As to appellant Shannon, respondent earnestly contends that he was guilty of contributory negligence in pushing his automobile from a position of safety on the premises of the drive-in restaurant out on to the public highway, with knowledge on his part that the battery on his vehicle was in such condition that the self-starter would not turn the motor over to start the vehicle. Aside from the provisions of the Vehicle Code, to which we shall later give consideration, we are not persuaded that appellant Shannon's conduct was such that reasonable minds could draw therefrom but one inference and that such inference points inevitably to negligence on his part that contributed proximately to his injuries. [4] Before proceeding out on to the highway appellant Shannon looked in both directions for approaching traffic and saw none; the lights on his vehicle, both front and rear, were lighted. We do not think it was his duty to turn constantly and repeatedly to observe the approach of possible vehicles from the rear when the drivers of such vehicles could plainly observe him in time to give warning or turn out to avoid a collision (Blackwell v. Renwick, 21 Cal. App. 131 [131 P. 94]). The situation here present is not akin to that which exists where a pedestrian is about to cross a street and thereby places himself in the path of danger or suddenly steps out in front of and in the path of an oncoming automobile or walks into the street or upon a railway track without looking at all as was the situation in several of the cases relied upon by respondent. [5] Where, as here, respondent's vehicle collided with appellant Shannon's car which was ahead of respondent there is a tendency to conclude that the driver of the overtaking vehicle was responsible for the collision (2 Cal.Jur. Ten-Year Supp. 299 and cases therein cited). [6a] Believing as we do that the situation in the case at bar is one in which reasonable minds might draw different conclusions upon the question of negligence, bearing in mind that the issue of contributory negligence is always one of fact for the jury to decide under proper instructions, except in those cases in which, judged in the light of common knowledge and experience, there is a standard of prudence to which all persons similarly situated must conform, we are constrained to hold that the question as to whether appellant's automobile was [57 Cal. App. 2d 195] being pushed upon and along the highway in a prudent and careful manner was a factual question to be determined by the triers of fact. Much of what was said by this court in Wright v. Ponitz, 44 Cal. App. 2d 215 [112 P.2d 25] is pertinent to the instant case.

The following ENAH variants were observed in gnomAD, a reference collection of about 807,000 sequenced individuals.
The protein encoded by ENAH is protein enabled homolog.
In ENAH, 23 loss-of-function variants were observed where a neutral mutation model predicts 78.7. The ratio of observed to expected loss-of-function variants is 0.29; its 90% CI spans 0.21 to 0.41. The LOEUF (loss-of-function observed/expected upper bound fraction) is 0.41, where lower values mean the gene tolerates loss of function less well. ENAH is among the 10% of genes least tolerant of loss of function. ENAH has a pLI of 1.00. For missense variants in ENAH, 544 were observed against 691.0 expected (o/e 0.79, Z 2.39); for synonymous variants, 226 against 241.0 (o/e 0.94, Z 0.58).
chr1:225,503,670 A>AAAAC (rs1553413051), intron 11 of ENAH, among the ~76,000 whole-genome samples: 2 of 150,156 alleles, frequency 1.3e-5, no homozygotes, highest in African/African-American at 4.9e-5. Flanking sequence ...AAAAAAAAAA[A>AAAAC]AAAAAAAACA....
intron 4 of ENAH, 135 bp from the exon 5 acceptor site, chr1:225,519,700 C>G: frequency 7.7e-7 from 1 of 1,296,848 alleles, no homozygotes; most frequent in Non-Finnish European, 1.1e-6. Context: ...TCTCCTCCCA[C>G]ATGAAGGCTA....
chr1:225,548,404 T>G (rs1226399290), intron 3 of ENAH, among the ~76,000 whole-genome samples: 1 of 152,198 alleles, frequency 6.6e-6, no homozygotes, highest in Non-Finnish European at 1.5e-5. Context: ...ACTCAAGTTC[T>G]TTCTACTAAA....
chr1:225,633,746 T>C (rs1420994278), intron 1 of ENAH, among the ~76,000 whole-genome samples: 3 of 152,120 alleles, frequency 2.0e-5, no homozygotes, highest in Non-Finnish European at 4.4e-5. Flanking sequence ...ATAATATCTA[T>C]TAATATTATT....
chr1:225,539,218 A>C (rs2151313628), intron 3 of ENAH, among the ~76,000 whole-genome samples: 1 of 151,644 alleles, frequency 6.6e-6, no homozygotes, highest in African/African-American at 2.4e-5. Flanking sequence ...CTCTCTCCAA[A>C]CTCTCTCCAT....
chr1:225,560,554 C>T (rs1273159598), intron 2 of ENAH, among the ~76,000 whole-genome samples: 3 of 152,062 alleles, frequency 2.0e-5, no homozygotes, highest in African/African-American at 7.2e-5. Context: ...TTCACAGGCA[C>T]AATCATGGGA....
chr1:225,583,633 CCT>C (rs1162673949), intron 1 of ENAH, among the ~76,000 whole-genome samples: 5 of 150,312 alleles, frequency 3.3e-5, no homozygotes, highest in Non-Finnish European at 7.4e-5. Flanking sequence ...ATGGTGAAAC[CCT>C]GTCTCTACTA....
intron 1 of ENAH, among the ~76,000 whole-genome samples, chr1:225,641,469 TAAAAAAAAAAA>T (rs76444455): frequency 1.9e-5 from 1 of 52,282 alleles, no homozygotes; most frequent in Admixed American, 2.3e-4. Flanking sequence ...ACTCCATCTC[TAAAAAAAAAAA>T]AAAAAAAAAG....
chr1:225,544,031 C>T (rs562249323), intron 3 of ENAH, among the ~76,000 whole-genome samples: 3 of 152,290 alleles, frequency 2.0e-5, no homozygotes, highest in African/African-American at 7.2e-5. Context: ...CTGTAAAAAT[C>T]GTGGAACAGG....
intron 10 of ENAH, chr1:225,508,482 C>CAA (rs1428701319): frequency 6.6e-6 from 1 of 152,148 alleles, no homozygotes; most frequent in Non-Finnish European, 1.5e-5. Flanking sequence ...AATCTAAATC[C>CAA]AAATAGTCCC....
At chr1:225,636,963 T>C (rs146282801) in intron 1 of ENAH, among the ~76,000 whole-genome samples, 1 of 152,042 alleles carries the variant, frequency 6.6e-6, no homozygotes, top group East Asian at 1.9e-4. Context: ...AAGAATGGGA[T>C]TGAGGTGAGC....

[7] With reference to the claims advanced by both appellants and respondent that some of the evidence given on behalf of the respective parties is inherently improbable because the so-called physical facts, supported by mathematical calculations, clearly demonstrate that the accident occurred by reason of the negligence of the other party thereto, we are not greatly impressed with these arguments for as was said in Nagamatsu v. Roher, 10 Cal. App. 2d 752, 755, 756 [53 P.2d 174] "there is no possibility of mathematical exactness in such testimony as to the position and speed of another car. As is well known, such estimates of speed and distance are only approximations and in the nature of things could not be exact. ... As has been frequently pointed out in cases of this nature such arguments are unreliable because they fail to take into account the human element. ... 'Perhaps there is nothing more certain about an automobile accident than the fact that the visible results afterward are not an infallible guide in determining what occurred.'" [6b] Respondent's contention that appellant Shannon was doing on a through highway in the nighttime exactly the same thing which he could have done with absolute safety on the restaurant premises is answered by the statement that appellant's conduct simply presents a debatable question as to care and prudence, which by its verdict the jury resolved in his favor and against respondent's contention. It certainly cannot be said as a matter of law that the conduct of an automobile driver in pushing his vehicle along the highway and toward the right-hand curb in an effort to start it when his battery failed is not a legitimate and prudent use of the highway. As we view it the most that can be said is that such conduct may or may not amount to negligence according to the time, place and circumstances present, and is therefore a question for determination by the triers of fact.